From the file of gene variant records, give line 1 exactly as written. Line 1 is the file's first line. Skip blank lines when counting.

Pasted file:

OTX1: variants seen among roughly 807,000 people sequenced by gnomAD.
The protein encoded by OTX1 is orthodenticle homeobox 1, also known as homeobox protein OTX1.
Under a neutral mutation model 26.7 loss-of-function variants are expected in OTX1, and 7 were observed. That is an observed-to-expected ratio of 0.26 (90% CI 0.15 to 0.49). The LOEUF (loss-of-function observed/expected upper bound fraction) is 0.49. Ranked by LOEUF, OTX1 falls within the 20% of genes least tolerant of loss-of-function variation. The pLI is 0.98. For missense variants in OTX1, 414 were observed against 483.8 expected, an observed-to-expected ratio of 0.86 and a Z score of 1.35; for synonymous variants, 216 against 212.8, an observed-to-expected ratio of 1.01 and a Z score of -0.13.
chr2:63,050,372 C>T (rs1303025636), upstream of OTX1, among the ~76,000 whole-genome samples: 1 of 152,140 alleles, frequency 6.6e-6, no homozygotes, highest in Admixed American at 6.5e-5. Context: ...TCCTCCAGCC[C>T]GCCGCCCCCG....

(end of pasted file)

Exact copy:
OTX1: variants seen among roughly 807,000 people sequenced by gnomAD.